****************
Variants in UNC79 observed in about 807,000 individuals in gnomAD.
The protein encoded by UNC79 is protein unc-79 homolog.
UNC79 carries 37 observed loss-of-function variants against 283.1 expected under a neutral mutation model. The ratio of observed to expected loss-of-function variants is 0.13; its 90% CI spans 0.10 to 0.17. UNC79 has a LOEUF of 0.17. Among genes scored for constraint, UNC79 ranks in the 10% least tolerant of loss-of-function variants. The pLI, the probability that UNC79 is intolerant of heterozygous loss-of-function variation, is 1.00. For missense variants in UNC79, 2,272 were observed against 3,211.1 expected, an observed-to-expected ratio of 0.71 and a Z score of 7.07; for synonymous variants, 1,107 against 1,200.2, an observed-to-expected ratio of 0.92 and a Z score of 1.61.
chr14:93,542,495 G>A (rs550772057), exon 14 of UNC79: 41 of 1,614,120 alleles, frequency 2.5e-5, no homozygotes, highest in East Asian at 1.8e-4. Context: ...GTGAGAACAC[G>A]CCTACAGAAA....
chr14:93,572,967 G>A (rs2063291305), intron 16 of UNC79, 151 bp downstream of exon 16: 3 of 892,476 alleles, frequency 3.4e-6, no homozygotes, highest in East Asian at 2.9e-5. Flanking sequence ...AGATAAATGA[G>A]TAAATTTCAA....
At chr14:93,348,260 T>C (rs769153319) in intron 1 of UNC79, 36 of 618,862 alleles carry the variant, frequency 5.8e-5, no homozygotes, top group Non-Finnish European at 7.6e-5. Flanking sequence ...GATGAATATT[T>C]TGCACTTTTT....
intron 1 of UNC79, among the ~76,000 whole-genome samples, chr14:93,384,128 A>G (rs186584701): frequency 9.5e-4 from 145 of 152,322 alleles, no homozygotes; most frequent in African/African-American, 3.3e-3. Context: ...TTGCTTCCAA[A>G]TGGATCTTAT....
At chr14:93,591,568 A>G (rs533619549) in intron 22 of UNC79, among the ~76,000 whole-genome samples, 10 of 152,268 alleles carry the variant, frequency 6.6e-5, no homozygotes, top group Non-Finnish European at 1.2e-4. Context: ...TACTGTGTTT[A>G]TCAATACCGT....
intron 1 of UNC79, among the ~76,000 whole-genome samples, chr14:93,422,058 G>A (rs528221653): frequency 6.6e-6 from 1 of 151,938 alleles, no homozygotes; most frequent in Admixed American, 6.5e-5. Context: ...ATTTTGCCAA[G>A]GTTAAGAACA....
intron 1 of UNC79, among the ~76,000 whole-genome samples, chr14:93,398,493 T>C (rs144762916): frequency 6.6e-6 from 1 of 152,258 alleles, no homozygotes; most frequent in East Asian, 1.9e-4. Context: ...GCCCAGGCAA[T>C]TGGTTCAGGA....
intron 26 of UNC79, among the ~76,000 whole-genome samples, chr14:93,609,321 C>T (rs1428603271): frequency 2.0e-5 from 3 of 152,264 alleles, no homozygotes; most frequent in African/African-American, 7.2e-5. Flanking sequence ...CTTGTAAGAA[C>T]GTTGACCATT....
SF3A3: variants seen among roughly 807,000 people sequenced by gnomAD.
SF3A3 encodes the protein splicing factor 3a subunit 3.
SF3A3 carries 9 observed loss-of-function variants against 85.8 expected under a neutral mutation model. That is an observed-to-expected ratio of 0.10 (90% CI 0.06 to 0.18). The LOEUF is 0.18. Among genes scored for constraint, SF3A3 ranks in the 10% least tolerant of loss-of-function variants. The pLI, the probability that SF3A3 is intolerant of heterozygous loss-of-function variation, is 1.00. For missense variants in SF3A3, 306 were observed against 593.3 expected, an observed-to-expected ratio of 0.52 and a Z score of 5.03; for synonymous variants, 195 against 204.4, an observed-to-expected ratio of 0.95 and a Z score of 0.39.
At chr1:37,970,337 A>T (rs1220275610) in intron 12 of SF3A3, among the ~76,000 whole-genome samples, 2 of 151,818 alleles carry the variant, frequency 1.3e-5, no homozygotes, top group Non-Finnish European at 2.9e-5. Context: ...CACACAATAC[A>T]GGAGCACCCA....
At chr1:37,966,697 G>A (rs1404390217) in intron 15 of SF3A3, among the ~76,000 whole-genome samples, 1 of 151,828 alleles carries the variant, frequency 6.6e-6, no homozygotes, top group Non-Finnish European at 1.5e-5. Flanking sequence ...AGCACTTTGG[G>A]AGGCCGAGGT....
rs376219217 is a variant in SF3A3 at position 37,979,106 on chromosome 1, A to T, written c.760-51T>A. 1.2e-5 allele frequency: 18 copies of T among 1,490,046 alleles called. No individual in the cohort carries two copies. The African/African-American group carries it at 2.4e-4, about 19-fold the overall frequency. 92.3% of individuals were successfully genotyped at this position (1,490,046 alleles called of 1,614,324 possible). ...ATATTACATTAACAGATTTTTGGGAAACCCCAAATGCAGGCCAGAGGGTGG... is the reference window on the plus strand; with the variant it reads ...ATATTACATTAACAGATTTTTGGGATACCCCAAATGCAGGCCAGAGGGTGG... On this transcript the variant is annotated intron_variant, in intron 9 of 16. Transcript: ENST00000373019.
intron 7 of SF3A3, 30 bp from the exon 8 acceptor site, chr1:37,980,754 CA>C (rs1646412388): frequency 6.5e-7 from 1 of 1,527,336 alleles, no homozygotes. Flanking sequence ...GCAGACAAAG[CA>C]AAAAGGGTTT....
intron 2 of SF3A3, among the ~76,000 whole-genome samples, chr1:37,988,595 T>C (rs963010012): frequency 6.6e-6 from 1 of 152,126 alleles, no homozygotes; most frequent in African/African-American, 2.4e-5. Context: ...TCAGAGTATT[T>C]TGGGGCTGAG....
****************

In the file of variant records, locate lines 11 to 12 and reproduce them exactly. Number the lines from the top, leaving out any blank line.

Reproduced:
intron 26 of UNC79, among the ~76,000 whole-genome samples, chr14:93,609,321 C>T (rs1428603271): frequency 2.0e-5 from 3 of 152,264 alleles, no homozygotes; most frequent in African/African-American, 7.2e-5. Flanking sequence ...CTTGTAAGAA[C>T]GTTGACCATT....
SF3A3: variants seen among roughly 807,000 people sequenced by gnomAD.